MONMOUTH, Ill. — When Elias Willits died in 1881 at the age of 55, he was a respected Monmouth attorney, who had served as county judge since 1870. A former secretary of the school board, he was honored nine years later when the old West Ward School (which stood on the current site of Monmouth-Roseville High School) was named in his memory.
In 1907, Willits’s legacy was extended when a new elementary school bearing his name was erected on West Broadway. There was only one problem — the stonemason who carved his name over the front entrance spelled Willits with two “Ts.” Although Willits was long dead, his widow, Elizabeth, would live another 16 years, so the misspelling likely remained a sore subject for her and her children. To make matters worse, the official Warren County history, published in 1927, spells the name of the school “Willets.”
When a major addition to the school was contemplated in 1953, the school board was faced with the dilemma of how to spell the name on the new building. Rather than having one part of the school named “Willitts” and another part spelled “Willits,” the board in its wisdom decided to perpetuate the earlier error and spell the new addition with an extra T.
The 1953 addition, which was the result of a vote to issue $120,000 in bonds, reflected the first wave of Baby Boomers reaching school age. In that year, Monmouth faced the daunting task of placing more than 1,200 first-graders in classrooms. A new boundary was established to allow Willits to absorb some of the students from the Garfield district, giving it a total of 262 pupils.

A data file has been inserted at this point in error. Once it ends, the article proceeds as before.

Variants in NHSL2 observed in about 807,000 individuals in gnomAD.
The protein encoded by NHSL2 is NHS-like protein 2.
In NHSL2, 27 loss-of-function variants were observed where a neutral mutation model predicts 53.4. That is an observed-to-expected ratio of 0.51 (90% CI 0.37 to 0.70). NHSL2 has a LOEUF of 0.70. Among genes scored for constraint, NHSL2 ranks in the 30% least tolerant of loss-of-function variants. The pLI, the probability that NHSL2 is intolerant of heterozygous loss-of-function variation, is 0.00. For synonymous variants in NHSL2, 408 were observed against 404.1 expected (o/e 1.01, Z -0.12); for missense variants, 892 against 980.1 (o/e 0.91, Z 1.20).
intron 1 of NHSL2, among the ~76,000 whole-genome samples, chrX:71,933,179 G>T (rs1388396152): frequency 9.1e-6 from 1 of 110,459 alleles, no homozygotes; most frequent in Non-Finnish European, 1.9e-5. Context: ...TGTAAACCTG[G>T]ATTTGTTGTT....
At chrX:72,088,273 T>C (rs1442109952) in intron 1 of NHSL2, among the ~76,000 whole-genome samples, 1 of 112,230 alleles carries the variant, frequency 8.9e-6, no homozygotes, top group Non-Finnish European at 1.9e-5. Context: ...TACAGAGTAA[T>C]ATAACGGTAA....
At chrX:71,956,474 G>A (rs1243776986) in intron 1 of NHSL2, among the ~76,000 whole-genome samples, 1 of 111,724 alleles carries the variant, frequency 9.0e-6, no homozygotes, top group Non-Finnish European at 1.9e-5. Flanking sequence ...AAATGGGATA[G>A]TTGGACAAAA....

Built on the west side of the 1907 school, the addition consisted of four new classrooms, and was completed over Christmas break, after the kitchen and PTA rooms had been used for classes that fall.
The reconfigured Willits School served admirably for two decades, until voters approved a $2.1 million building program for District 38 in 1970. That initiative resulted in entirely new buildings for Harding and Garfield schools, as well as remodeling and enlarging of Lincoln, Central Junior High and Monmouth High School. Willits would be added to the list in 1974.
A new trend in elementary schools was the construction of all-purpose rooms, which could be used for recreation, but which were primarily designed to allow the serving of student lunches. Previously, only Central Junior High had a closed lunch program, but in 1974, the original Willits School was razed to make way for the addition of an all-purpose room and the beginning of a lunch program.
By the late 1970s, the Baby Boom had run its course and the number of elementary school students began a steady decline. As the 21st century dawned, it became clear that Monmouth could no longer support four elementary schools. Progressive educators pushed for an education center model, in which first- through sixth-graders would be split among multiple locations based on age. In 2010, it was decided that Willits would be retired as an elementary school and converted to a district office.
Generations of former Willits students were saddened by the closing, but very few had any knowledge of the man behind the name of their beloved school.
Elias Willits was born in Wayne County, Indiana, in 1826, and journeyed to Mercer County in 1851, where he became a partner in a law firm at Keithsburg. In 1862, he moved his practice to Monmouth, and in 1870 was elected to fill the unexpired term of the Warren County judge. He was reelected twice, but in 1881, he contracted a lingering illness, which led to his death on Nov. 1. He and his wife were members of the Swedenborgian Society, which followed the precepts of 18th-century Swiss theologian and mystic Emanuel Swedenborg. Willits funeral was conducted by a Swedenborgian minister from Chicago.
The Willits had seven children, only three of whom lived to adulthood, but their daughter Anna would become a nationally known figure as one of six founders of Kappa Kappa Gamma women’s fraternity in 1870. In the year of her father’s death, Anna married the wealthy Monmouth plow maker Henry Pattee and became a fixture in Monmouth society. She died following surgery in 1908.
Jeff Rankin is an editor and historian at Monmouth College. He has been writing, researching and speaking about Western Illinois history for more than 35 years.